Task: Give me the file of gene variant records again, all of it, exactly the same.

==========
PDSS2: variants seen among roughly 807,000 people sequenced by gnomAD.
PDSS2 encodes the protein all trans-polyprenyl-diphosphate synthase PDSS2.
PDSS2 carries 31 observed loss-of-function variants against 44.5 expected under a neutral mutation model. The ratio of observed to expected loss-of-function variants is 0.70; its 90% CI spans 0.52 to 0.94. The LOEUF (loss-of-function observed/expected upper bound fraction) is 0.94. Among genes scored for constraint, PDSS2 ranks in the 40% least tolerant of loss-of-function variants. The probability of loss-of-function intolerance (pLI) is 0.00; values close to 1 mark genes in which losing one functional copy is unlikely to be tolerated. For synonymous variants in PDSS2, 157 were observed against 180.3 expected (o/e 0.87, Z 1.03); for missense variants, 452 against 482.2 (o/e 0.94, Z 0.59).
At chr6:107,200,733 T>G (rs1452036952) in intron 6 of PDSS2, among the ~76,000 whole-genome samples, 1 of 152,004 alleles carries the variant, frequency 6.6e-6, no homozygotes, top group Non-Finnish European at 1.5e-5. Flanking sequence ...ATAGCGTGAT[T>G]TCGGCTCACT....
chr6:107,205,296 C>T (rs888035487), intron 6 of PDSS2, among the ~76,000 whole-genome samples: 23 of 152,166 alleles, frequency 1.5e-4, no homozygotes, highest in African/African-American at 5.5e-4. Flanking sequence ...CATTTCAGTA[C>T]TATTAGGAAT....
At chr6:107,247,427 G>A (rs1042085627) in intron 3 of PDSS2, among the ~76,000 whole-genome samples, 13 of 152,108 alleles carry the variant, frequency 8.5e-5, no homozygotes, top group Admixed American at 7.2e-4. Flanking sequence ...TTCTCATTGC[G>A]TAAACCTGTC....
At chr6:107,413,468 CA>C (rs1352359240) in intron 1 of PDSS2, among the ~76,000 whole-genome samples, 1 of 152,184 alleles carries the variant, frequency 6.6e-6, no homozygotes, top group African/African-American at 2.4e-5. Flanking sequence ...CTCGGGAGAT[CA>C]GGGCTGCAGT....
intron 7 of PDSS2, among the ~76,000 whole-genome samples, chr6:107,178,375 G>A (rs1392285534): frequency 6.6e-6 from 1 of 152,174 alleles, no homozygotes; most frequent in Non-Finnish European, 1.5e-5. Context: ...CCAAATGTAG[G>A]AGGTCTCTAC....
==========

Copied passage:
PDSS2: variants seen among roughly 807,000 people sequenced by gnomAD.
PDSS2 encodes the protein all trans-polyprenyl-diphosphate synthase PDSS2.
PDSS2 carries 31 observed loss-of-function variants against 44.5 expected under a neutral mutation model. The ratio of observed to expected loss-of-function variants is 0.70; its 90% CI spans 0.52 to 0.94. The LOEUF (loss-of-function observed/expected upper bound fraction) is 0.94. Among genes scored for constraint, PDSS2 ranks in the 40% least tolerant of loss-of-function variants. The probability of loss-of-function intolerance (pLI) is 0.00; values close to 1 mark genes in which losing one functional copy is unlikely to be tolerated. For synonymous variants in PDSS2, 157 were observed against 180.3 expected (o/e 0.87, Z 1.03); for missense variants, 452 against 482.2 (o/e 0.94, Z 0.59).
At chr6:107,200,733 T>G (rs1452036952) in intron 6 of PDSS2, among the ~76,000 whole-genome samples, 1 of 152,004 alleles carries the variant, frequency 6.6e-6, no homozygotes, top group Non-Finnish European at 1.5e-5. Flanking sequence ...ATAGCGTGAT[T>G]TCGGCTCACT....
chr6:107,205,296 C>T (rs888035487), intron 6 of PDSS2, among the ~76,000 whole-genome samples: 23 of 152,166 alleles, frequency 1.5e-4, no homozygotes, highest in African/African-American at 5.5e-4. Flanking sequence ...CATTTCAGTA[C>T]TATTAGGAAT....
At chr6:107,247,427 G>A (rs1042085627) in intron 3 of PDSS2, among the ~76,000 whole-genome samples, 13 of 152,108 alleles carry the variant, frequency 8.5e-5, no homozygotes, top group Admixed American at 7.2e-4. Flanking sequence ...TTCTCATTGC[G>A]TAAACCTGTC....
At chr6:107,413,468 CA>C (rs1352359240) in intron 1 of PDSS2, among the ~76,000 whole-genome samples, 1 of 152,184 alleles carries the variant, frequency 6.6e-6, no homozygotes, top group African/African-American at 2.4e-5. Flanking sequence ...CTCGGGAGAT[CA>C]GGGCTGCAGT....
intron 7 of PDSS2, among the ~76,000 whole-genome samples, chr6:107,178,375 G>A (rs1392285534): frequency 6.6e-6 from 1 of 152,174 alleles, no homozygotes; most frequent in Non-Finnish European, 1.5e-5. Context: ...CCAAATGTAG[G>A]AGGTCTCTAC....